The Basho Era: Scalability for Cardano in 2022

Cardano evolves through eras, and each one has its theme, Byron was the foundation, Shelley was decentralization, Goguen was programming smart contracts, Voltaire was governance, and Basho was scalability.

Each era marks a new milestone in development, but they all progress in parallel, you don’t need to completely finish one to start another, moreover, I would say that they are all always in constant progress and improvement. This year, 2022, is the year of Basho. 

With the Hard Fork Alonzo and the enablement for programming in the Plutus language, it was possible to develop DApps for DeFi. 

Although with the NFT airdrops there were spikes in network congestion, the significant and continuous increase in transactional traffic began to be noticed with the appearance of DEXes, MuesliSwap, SundaeSwap and recently ADAX. 

As major components, including wallet connectors and the Plutus Application Backend (PAB), are finalized and integrated into the mainnet, further activity is anticipated. 

With current parameters, the Cardano network is using, on average, around 90% of its capacity. 

All of this demonstrates the need to improve network scalability, which means processing transactions faster, with lower latency, and without increasing cost.

Part of the scalability is block propagation, which is the time it takes for a newly minted block to be transmitted through nodes on the network. In order for the blockchain to remain secure, the current protocol, Ouroboros Praos, propagates new blocks every 5 seconds.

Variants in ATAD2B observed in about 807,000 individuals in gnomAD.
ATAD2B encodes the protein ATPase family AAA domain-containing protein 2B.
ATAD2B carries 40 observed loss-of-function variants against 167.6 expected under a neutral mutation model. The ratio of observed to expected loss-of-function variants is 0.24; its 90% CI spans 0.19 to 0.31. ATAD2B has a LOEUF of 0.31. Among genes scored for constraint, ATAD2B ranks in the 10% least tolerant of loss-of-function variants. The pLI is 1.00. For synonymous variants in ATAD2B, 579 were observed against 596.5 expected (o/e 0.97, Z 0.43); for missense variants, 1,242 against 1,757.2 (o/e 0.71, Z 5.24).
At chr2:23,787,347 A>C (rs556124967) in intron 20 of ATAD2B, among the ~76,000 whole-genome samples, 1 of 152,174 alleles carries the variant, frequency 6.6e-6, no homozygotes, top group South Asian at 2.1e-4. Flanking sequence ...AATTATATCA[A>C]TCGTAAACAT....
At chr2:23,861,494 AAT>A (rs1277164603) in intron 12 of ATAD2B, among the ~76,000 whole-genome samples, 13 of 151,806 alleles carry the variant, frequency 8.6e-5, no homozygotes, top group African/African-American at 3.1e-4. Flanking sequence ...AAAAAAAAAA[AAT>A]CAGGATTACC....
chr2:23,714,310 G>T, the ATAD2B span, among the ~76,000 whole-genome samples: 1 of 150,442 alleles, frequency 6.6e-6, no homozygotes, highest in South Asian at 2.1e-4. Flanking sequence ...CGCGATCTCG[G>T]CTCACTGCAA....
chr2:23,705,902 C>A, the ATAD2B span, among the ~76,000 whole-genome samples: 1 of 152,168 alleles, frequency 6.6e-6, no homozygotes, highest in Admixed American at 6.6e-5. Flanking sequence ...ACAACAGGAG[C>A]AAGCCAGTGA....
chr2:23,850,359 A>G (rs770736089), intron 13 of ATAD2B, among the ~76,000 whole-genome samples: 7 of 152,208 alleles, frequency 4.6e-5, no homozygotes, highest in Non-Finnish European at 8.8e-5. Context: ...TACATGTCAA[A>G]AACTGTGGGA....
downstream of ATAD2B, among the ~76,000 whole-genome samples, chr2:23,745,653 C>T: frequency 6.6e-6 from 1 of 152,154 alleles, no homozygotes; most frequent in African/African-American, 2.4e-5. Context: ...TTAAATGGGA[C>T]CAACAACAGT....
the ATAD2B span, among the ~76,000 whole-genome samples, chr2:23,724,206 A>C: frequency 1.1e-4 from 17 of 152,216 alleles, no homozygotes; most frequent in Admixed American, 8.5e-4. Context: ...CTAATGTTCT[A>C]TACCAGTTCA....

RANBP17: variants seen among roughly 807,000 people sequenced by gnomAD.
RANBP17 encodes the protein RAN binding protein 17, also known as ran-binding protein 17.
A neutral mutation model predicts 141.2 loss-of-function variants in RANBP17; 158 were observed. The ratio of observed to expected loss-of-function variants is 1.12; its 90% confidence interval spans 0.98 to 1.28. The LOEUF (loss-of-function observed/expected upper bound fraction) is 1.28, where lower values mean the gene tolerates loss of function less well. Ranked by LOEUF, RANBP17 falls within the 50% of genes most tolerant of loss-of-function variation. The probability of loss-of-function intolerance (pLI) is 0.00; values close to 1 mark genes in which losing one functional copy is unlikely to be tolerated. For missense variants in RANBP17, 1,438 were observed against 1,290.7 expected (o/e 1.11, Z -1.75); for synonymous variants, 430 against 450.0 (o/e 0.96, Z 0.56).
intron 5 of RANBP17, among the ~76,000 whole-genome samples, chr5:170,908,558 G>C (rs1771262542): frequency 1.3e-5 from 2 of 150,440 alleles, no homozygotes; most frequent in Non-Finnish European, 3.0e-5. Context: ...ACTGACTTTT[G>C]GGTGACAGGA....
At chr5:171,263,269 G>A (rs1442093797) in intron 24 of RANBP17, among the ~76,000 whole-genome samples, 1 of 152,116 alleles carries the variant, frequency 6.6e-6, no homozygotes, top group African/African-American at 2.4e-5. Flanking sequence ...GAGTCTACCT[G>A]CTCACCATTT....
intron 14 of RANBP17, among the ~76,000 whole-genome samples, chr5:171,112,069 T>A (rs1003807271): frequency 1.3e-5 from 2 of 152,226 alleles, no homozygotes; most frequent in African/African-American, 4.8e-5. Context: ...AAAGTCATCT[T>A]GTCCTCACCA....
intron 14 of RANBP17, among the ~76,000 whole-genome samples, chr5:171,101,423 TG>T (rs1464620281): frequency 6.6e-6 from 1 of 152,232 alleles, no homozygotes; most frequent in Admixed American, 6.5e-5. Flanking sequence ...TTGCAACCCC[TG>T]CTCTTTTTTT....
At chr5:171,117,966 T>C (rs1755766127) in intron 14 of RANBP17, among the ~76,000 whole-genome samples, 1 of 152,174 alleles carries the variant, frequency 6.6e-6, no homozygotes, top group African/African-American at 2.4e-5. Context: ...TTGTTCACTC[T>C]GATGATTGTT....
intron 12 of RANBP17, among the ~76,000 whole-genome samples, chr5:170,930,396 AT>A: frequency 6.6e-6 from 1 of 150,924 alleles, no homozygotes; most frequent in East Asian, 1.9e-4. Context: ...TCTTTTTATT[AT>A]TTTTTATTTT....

There is also the block time budget, which is a fixed amount of time available to process all the transactions included in a single block. This is divided between the time that can be used for the execution of the Plutus script and the time that is available to execute other transactions. It is currently set to 1 second. 

For security reasons, the Praos consensus protocol selects only a small fraction of the blocks (1 in 20) that could potentially be added to the chain. For current protocol parameters, the maximum transaction throughput (for simple transactions) is approximately 11 transactions per second (TPS).  

By using a fixed-size mempool (a repository that stores transactions waiting to be processed), the possibility of nodes being overloaded during periods of high demand is avoided, but it does mean that a wallet or application may need to return to send transactions. The mempool size is currently set to twice the current block size. 

Ethereum is creating 80 KB blocks every 13 seconds, Cardano 74 KB blocks every 20 seconds, so we have around 3.7MB moved on the network for Ethereum and 2.1MB for Cardano every 10 minutes.

Currently, due to Plutus’ rather large transactions, Cardano’s network efficiency is slightly lower than Ethereum’s, before Plutus’ script optimizations are implemented.

Basho: IOHK Proposes a Scalability Plan

An important feature of the Cardano protocol is that it has been designed with true scalability in mind, with flexibility being key to this.

IOHK proposes gradual and methodical changes in the parameters, and then to monitor the results in the network as the plan advances, which I will detail below. 

Parameter adjustment 

The first adjustment made recently was to increase the block size by 12.5%, from 64 KB to 72 KB. There are almost 3 million Cardano wallets in use, and traffic has grown almost 20 times (from less than 10,000 transactions per day in November 2020 to almost 200,000 per day this year). Larger blocks fit more transactions, providing more capacity for users.